Explore beyond your cabin door

Tips for hiking with your furry friend


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Hey there, time traveller!
This article was published 21/07/2022 (251 days ago), so information in it may no longer be current.

Much of the beauty of cabin life is in exploring the terrain. It’s even better with a furry friend by your side, though you’ll want to take measures to keep you both safe and healthy.

Pick your path

“Almost every trail in Manitoba is dog friendly,” says Jaime Manness, a longtime volunteer at Trails Manitoba and founder of Hike Manitoba. The exception is Brokenhead Wetland Interpretive Trail, due to its fragile ecosystem. A quick online search will tell of advisories and closures, or you can inquire at your local park office.

“Almost every trail in Manitoba is dog friendly.” – Jaime Manness, volunteer at Trails Manitoba and founder of Hike Manitoba.

Train for the trail

Manness’ first hike with her dog ended with a friend having to carry her blue heeler mix—11 months old at the time—over his shoulder.

“I have to make sure he has the same level of fitness and endurance that I do,” she says, “and not just assume that because he’s a dog, he can go anywhere.”

Long walks and challenging hikes through the winter will keep you and your dog prepped for a summer on the trails.

“I have to make sure he has the same level of fitness and endurance that I do,” she says, “and not just assume that because he’s a dog, he can go anywhere.” – Jaime Manness, voluneer at Trails Manitoba and founder of Hike Manitoba.

Protect your dog from disease

Deer ticks are common in the Manitoban wilderness. These ticks can carry Lyme disease, anaplasma and ehrlichia—diseases that can have serious, if not fatal, side effects in dogs.

“The best thing you can do is have your dog on preventative medicine,” says Dr. Bronwyn Chisholm, of Seasons Veterinary Clinic. “They stop ticks from biting long enough to transmit disease.”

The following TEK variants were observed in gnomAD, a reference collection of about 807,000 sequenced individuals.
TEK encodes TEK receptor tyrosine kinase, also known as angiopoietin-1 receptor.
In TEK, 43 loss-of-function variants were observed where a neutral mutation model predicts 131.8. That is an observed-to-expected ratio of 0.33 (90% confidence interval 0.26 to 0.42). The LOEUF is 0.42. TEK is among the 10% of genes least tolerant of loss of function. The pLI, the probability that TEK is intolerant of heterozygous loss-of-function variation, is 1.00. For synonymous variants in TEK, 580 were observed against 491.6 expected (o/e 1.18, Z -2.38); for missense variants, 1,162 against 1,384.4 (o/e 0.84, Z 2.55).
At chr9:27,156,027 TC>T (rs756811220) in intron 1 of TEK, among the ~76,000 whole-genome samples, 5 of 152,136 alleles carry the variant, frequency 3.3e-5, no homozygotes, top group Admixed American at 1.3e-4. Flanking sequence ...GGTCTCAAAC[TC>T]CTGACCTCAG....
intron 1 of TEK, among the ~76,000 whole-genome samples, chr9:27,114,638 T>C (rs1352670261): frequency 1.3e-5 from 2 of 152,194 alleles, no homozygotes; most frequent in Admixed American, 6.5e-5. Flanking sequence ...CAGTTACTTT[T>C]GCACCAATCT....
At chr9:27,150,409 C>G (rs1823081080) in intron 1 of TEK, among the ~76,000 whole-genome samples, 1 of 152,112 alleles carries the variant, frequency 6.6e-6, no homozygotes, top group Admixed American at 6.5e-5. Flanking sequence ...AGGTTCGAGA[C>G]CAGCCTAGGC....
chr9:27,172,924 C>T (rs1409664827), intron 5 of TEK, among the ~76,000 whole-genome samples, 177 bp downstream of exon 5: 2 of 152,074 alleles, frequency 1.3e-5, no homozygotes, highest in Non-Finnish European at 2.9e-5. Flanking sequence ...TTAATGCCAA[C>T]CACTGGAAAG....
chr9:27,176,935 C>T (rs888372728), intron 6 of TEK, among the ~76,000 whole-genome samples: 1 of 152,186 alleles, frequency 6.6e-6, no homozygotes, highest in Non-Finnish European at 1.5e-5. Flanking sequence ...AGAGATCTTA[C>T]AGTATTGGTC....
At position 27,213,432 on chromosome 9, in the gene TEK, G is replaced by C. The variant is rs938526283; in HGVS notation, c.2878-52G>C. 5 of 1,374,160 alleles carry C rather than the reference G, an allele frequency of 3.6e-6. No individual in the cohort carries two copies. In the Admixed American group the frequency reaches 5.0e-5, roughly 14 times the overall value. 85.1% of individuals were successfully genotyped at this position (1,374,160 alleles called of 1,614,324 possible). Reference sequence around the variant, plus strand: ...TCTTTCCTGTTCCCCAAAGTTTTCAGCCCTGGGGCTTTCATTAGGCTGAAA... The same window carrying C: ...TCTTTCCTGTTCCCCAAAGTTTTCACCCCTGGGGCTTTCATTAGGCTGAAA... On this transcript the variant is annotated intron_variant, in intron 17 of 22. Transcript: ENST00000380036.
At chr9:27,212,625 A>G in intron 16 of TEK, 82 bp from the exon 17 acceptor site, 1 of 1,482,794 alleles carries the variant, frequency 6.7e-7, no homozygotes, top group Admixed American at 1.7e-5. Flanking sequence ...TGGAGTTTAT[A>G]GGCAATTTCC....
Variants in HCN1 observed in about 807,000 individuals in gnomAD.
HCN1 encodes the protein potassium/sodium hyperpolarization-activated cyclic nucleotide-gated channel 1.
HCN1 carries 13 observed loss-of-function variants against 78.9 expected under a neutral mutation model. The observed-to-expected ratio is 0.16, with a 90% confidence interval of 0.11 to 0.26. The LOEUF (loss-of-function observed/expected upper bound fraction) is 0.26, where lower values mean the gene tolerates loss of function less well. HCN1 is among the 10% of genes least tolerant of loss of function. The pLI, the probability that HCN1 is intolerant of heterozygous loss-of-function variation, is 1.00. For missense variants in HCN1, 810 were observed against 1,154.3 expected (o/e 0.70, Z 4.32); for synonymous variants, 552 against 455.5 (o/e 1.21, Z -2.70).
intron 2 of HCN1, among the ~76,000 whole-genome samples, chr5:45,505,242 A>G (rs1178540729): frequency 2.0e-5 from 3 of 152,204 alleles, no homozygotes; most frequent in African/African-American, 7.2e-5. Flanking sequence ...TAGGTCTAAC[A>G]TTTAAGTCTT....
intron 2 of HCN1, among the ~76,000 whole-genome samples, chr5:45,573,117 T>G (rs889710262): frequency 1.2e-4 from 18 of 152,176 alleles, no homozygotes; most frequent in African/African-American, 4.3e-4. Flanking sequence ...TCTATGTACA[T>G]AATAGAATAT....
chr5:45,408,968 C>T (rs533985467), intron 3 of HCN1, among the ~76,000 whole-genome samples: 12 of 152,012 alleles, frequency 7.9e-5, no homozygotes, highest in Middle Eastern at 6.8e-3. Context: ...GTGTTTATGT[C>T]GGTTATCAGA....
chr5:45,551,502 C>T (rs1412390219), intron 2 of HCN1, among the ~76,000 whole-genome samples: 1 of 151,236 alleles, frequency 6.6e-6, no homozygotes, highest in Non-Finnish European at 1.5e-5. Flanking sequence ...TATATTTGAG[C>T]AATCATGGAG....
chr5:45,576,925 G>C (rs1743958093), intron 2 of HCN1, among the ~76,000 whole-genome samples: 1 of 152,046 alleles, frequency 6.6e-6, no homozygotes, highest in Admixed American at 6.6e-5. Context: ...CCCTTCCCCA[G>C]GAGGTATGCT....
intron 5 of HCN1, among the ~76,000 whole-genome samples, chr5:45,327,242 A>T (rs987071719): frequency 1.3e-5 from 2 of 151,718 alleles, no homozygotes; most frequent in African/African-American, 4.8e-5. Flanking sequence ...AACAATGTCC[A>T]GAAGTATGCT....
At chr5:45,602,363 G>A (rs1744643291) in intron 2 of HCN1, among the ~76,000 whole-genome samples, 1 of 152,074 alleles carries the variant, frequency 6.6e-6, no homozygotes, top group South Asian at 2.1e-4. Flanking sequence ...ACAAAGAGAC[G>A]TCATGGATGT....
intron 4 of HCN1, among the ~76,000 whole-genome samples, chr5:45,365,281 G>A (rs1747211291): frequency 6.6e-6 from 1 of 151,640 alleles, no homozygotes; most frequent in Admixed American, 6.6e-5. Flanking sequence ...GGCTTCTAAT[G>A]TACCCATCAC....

If your dog gets a tick, don’t panic.

“Ticks don’t actually burrow,” says Dr. Chisholm. “Grab the skin around where the tick’s mouth is and pull the tick off. Take a picture or put it in a jar and get it checked, so we can tell if it’s a deer tick and if we should be concerned about it carrying disease.”

Be prepared

Dress in layers with appropriate footwear. High-quality hiking boots are ideal for rough terrain, though sneakers and trail runners are fine for smoother trails.

A comfortable backpack to haul your gear is a must. Dogs may be able to carry backpacks too, filled with up to 10 per cent of their body weight, but they should be introduced gradually.

And, don’t forget the leash.

Manness once encountered a bear on a trail and her dog, after recovering from the initial shock, tried to lunge at it.

“Had he not been on a leash, he definitely would have charged at the bear,” she says, “and I feel like that would not have ended well for any of us.”

Extra food and water are important, too.

“Pack high-calorie food that won’t spoil in the heat,” says Jenine Thompson, a manager at Best West Pet Foods, “and you don’t want to leave your pup drinking from rivers and streams.”

Water sources can change through the seasons, so bringing a water bottle and travel bowl will ensure you and your dog stay hydrated. A cooling bandana or vest for your dog can also be helpful in the heat.

Other essentials include:

• first aid kit, stocked with vet wrap, Benadryl (which is safe for dogs in a dose recommended by their veterinarian), dog booties in case of an injured pad or nail, and tweezers;

• an emergency blanket;

• flashlight or head lamp;

• knife;

• map or compass;

• light-up collar;

• dog sling; and

• biodegradable waste bags.

With a little planning, you and your dog will be ready to hit the trails and enjoy new adventures together.

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